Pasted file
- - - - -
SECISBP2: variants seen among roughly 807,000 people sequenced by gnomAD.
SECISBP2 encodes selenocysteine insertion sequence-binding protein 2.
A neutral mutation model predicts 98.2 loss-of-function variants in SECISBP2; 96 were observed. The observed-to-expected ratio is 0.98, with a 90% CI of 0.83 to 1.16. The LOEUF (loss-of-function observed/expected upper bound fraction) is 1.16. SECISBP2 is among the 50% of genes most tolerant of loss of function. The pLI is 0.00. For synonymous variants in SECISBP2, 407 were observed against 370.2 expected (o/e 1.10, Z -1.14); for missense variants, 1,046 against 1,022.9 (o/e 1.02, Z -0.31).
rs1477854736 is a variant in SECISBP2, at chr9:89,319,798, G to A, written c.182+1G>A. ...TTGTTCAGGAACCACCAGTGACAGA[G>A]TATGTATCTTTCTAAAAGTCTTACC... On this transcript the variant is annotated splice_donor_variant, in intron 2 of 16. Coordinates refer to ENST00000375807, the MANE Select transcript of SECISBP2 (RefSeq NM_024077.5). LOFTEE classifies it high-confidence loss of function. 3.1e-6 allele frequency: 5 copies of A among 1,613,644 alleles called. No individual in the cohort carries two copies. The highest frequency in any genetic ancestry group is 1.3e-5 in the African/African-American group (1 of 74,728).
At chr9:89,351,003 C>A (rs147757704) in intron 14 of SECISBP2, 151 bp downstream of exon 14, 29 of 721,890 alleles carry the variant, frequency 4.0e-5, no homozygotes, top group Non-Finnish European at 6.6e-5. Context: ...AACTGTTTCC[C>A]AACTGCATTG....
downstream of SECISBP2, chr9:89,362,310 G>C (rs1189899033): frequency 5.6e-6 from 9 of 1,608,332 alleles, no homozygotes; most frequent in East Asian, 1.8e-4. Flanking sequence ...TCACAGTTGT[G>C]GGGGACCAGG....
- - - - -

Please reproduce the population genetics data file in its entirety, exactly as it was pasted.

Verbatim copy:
SECISBP2: variants seen among roughly 807,000 people sequenced by gnomAD.
SECISBP2 encodes selenocysteine insertion sequence-binding protein 2.
A neutral mutation model predicts 98.2 loss-of-function variants in SECISBP2; 96 were observed. The observed-to-expected ratio is 0.98, with a 90% CI of 0.83 to 1.16. The LOEUF (loss-of-function observed/expected upper bound fraction) is 1.16. SECISBP2 is among the 50% of genes most tolerant of loss of function. The pLI is 0.00. For synonymous variants in SECISBP2, 407 were observed against 370.2 expected (o/e 1.10, Z -1.14); for missense variants, 1,046 against 1,022.9 (o/e 1.02, Z -0.31).
rs1477854736 is a variant in SECISBP2, at chr9:89,319,798, G to A, written c.182+1G>A. ...TTGTTCAGGAACCACCAGTGACAGA[G>A]TATGTATCTTTCTAAAAGTCTTACC... On this transcript the variant is annotated splice_donor_variant, in intron 2 of 16. Coordinates refer to ENST00000375807, the MANE Select transcript of SECISBP2 (RefSeq NM_024077.5). LOFTEE classifies it high-confidence loss of function. 3.1e-6 allele frequency: 5 copies of A among 1,613,644 alleles called. No individual in the cohort carries two copies. The highest frequency in any genetic ancestry group is 1.3e-5 in the African/African-American group (1 of 74,728).
At chr9:89,351,003 C>A (rs147757704) in intron 14 of SECISBP2, 151 bp downstream of exon 14, 29 of 721,890 alleles carry the variant, frequency 4.0e-5, no homozygotes, top group Non-Finnish European at 6.6e-5. Context: ...AACTGTTTCC[C>A]AACTGCATTG....
downstream of SECISBP2, chr9:89,362,310 G>C (rs1189899033): frequency 5.6e-6 from 9 of 1,608,332 alleles, no homozygotes; most frequent in East Asian, 1.8e-4. Flanking sequence ...TCACAGTTGT[G>C]GGGGACCAGG....